Effect on radiation

The extent to which they affect radiation also depends on the time of day. As the diagram shows, when the Sun is high in the sky its radiation travels a shorter distance through the atmosphere than it does when it is low, and consequently it encounters and reacts with a smaller number of aerosol particles.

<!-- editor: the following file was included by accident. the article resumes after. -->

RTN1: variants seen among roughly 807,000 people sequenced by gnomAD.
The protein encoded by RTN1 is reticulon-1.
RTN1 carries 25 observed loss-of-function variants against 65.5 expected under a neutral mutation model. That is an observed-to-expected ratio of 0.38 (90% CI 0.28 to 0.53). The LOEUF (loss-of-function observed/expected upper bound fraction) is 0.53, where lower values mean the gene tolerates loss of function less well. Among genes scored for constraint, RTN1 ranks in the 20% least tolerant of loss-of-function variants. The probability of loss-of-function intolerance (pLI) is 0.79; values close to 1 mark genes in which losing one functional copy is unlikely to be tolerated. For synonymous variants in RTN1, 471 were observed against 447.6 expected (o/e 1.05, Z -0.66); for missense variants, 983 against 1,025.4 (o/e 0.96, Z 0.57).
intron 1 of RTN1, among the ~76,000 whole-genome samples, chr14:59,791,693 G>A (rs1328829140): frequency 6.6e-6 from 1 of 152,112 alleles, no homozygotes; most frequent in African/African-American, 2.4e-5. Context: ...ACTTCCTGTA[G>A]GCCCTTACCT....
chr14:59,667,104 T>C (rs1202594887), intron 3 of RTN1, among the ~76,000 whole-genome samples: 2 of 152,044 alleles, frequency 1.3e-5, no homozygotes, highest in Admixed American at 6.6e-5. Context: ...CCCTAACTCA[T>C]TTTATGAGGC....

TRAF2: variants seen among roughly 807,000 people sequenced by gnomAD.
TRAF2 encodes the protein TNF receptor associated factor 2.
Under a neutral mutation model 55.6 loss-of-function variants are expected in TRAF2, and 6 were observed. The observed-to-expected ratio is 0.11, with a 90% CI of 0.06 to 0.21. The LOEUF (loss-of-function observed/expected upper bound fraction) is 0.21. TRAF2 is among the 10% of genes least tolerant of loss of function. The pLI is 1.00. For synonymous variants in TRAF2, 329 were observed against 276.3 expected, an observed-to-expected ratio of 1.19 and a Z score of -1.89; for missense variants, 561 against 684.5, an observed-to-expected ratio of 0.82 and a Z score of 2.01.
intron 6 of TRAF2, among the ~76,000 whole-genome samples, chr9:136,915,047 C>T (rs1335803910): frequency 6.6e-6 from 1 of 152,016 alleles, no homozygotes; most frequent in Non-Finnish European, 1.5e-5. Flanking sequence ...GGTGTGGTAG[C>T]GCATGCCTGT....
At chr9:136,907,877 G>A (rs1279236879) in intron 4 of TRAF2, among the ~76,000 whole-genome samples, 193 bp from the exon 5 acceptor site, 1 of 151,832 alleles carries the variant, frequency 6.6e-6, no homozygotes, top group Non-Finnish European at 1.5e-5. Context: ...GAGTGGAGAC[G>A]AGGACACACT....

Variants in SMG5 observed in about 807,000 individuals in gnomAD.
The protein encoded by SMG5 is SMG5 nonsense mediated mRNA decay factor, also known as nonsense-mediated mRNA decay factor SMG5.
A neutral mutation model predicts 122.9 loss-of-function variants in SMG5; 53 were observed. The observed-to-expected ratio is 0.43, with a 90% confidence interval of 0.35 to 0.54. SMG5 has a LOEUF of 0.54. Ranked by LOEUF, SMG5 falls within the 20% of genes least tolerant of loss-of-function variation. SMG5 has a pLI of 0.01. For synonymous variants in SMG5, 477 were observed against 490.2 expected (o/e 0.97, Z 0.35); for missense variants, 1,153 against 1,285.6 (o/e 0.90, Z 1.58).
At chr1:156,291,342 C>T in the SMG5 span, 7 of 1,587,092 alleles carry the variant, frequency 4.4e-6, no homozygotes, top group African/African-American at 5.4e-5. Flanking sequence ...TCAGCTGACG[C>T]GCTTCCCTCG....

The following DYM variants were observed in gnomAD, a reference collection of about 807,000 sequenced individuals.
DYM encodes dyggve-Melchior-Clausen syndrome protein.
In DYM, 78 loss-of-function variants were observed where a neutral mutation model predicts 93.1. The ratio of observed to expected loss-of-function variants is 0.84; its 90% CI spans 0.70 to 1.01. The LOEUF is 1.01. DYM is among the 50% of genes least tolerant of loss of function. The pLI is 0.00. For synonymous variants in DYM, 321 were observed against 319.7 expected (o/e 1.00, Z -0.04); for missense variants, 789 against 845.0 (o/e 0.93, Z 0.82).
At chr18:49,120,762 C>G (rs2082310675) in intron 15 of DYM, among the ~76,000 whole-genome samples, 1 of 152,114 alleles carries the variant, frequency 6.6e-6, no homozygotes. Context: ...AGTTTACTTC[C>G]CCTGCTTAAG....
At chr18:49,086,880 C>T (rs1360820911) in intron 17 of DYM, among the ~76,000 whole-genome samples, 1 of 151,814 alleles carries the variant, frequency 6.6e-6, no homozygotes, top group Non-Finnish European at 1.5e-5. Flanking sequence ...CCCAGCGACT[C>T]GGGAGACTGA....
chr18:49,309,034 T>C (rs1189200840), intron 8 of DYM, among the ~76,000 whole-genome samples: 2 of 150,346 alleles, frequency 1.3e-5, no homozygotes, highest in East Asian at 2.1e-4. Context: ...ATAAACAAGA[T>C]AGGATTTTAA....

Scientists still have much to learn about the way aerosols affect radiation and, through that, the climate. In its 2001 scientific report, the Intergovernmental Panel on Climate Change (IPCC) estimated the present effects of five types of aerosol: sulfate; unburned hydrocarbons from fossil fuels; black smoke; particles from forest, bush, grass, and other vegetation fires; and gases and ash ejected during volcanic eruptions. The IPCC concludes that all of these have an overall cooling effect on climate, with the exception of black smoke, which has a warming effect. It is a small effect, however, ranging from a warming effect of about 0.2 watts per square meter (W m-2) for black smoke to a cooling effect of up to about 1.0 W m-2.

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